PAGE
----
Why living around nature could make you live longer
(The Washington Post, April 19, 2016)
Living closer to nature is better for your health, new research suggests — and may even extend your life.
A study just published in the journal Environmental Health Perspectives found that people who live in “greener” areas, with more vegetation around, have a lower risk of mortality. The health benefits are likely thanks to factors such as improved mental health, social engagement and physical activity that come with living near green spaces.
The research relied on data from a vast long-term Harvard study funded by the National Institutes of Health called the Nurses’ Health Study, which has collected health information biennially on more than 100,000 female registered nurses in the U.S. since 1976. The new paper analyzed participant data from between 2000 and 2008, taking note of any deaths that occurred and their causes. At the same time, the researchers used satellite data to assess the amount of green vegetation surrounding each participant’s home during the study period.
The researchers found that people living in the greenest places — that is, people who had the most vegetation within 800 feet of their homes — had a 12 percent lower rate of mortality from any non-accidental cause than people living in the least green places. Specifically, they found that the relationship was strongest for deaths related to respiratory disease, cancer and kidney disease. These results were the same regardless of the participants’ income, weight or smoking status and also did not significantly change between urban and suburban locations.
In statistical analyses, though, the researchers found that participants’ mental health, social engagement, level of physical activity and exposure to air pollution likely explained how the green spaces were making a difference.
This is all in line with the ways previous research has suggested greenness can affect health. Places with more vegetation are generally thought to be less polluted, and the presence of vegetation, itself, can help keep air cleaner. And green spaces like parks can help encourage people to get outside, exercise and engage with other people — all factors that can improve overall health. The effects on mental health may be somewhat less straightforward, but nonetheless important, as this study suggested.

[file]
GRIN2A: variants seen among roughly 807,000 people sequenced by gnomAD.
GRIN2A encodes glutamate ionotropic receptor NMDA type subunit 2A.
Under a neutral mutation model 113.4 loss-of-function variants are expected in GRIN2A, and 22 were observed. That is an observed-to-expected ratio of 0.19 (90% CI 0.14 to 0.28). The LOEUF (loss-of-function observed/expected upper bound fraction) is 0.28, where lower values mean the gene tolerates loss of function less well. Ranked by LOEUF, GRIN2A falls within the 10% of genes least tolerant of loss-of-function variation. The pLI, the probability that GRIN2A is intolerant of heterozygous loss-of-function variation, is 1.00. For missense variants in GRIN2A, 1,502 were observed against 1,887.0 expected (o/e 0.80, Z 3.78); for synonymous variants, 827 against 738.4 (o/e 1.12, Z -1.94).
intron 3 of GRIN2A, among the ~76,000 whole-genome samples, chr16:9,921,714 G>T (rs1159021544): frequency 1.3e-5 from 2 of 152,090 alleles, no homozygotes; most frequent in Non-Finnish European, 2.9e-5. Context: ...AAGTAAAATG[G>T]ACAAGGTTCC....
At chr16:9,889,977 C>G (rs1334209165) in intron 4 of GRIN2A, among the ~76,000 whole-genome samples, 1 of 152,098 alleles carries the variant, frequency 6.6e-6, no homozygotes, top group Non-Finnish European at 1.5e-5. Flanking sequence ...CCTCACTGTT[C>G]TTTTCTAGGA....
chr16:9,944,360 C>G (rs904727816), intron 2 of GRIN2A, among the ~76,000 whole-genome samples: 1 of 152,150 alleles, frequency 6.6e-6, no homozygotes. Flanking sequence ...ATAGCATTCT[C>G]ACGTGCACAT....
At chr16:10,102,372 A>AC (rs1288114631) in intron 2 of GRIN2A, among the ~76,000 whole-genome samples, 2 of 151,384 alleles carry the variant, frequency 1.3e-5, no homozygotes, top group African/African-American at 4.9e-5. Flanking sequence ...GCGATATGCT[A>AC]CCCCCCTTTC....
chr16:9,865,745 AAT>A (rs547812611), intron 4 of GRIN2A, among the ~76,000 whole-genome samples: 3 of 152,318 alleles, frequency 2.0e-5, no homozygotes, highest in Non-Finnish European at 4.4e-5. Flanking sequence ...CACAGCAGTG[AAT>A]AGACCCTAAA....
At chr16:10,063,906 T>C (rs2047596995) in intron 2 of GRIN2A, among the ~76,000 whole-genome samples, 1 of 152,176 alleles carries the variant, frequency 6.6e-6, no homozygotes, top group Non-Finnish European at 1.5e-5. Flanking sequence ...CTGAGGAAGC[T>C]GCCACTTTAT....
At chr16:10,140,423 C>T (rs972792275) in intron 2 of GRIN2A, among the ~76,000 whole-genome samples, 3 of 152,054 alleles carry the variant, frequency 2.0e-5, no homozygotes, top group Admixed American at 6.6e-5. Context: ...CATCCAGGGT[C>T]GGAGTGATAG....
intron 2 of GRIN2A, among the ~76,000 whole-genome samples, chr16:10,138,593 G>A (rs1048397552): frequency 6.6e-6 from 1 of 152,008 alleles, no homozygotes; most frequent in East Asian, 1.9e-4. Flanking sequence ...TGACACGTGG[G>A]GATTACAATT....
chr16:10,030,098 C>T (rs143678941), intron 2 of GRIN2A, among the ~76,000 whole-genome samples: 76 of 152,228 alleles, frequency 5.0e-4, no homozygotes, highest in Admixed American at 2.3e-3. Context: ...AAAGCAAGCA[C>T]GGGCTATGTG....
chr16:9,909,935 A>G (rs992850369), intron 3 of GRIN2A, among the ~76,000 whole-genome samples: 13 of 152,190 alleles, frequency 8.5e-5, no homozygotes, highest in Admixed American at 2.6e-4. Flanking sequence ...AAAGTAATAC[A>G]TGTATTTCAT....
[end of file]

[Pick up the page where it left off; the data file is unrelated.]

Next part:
“We were really surprised to find that the mental health pathway explained about 30 percent of the relationship between greenness and mortality,” said Peter James, the study’s lead author and a research associate at the Harvard T.H. Chan School of Public Health.
There are several theories about how nature affects mental health, said Howard Frumkin, dean of the school of public health at the University of Washington, who was not involved with the new study. One of them is known as the “biophilia” hypothesis, which was proposed by renowned biologist and naturalist E.O. Wilson. This theory embodies the idea “that we evolved as a species embedded in nature over most of our existence as a species, and something about that nature contact still resonates with us,” Frumkin said. “Something about contact with nature is soothing and restorative and thereby good for mental health.”
It may also be that the social engagement that green spaces encourage can improve people’s mindsets as well. “Social connectedness is a predictor of good mental health, which is in turn a predictor of good physical health,” Frumkin said.
Still, much remains uncertain about the exact mechanisms by which exposure to nature can improve health, Frumkin noted. And scientists are still trying to figure out what type of contact with nature works best.
“Is a it a view out the window or do you need to get out and walk among the trees?” Frumkin said. “Does a bush do the trick or do you need a tree? Does it need to be in leaf during the summer, or does it work during the winter when it’s lost its leaves? There are lots of questions about the mechanisms and specifically about what form of nature contact offers benefit.”
James and his team hope to continue exploring the finer details in future research. They’re interested in looking more closely at some of the specific causes of mortality revealed in this study, especially cancer, in order to examine not just how greenness is connected to deaths but to the overall incidence of disease.
“We also do want to explore this with other cohorts,” James added. While he and his team controlled for demographic factors in this study, it’s still worth pointing out that most of the participants were white, and since they were all registered nurses, the socioeconomic range within the group was somewhat narrow.
Energy and Environment newsletter
The science and policy of environmental issues.
James added that, while this study focused on greenness around the participants’ residences, it’s worth noting that most people spend a great deal of their time away from the home. So a good idea for future research would be to focus on a broader set of the spaces people interact with on a daily basis.
The challenge with all these ideas for future studies is that research on the health effects of greenness is difficult to get funded, Frumkin said, pointing out that even this study was “a piggyback onto an existing study that’s being funded for other reasons.” He feels that if more resources were afforded to the understanding of human interactions with nature, the health benefits could be immense.
“If we had a medication that did this — a medication that prolonged life, that addressed very different unconnected causes of disease, that did it at no cost and with no side effects — that would be the best medication of the decade,” Frumkin said. “But we don’t have a medication like that except for this ‘vitamin N’ — nature.”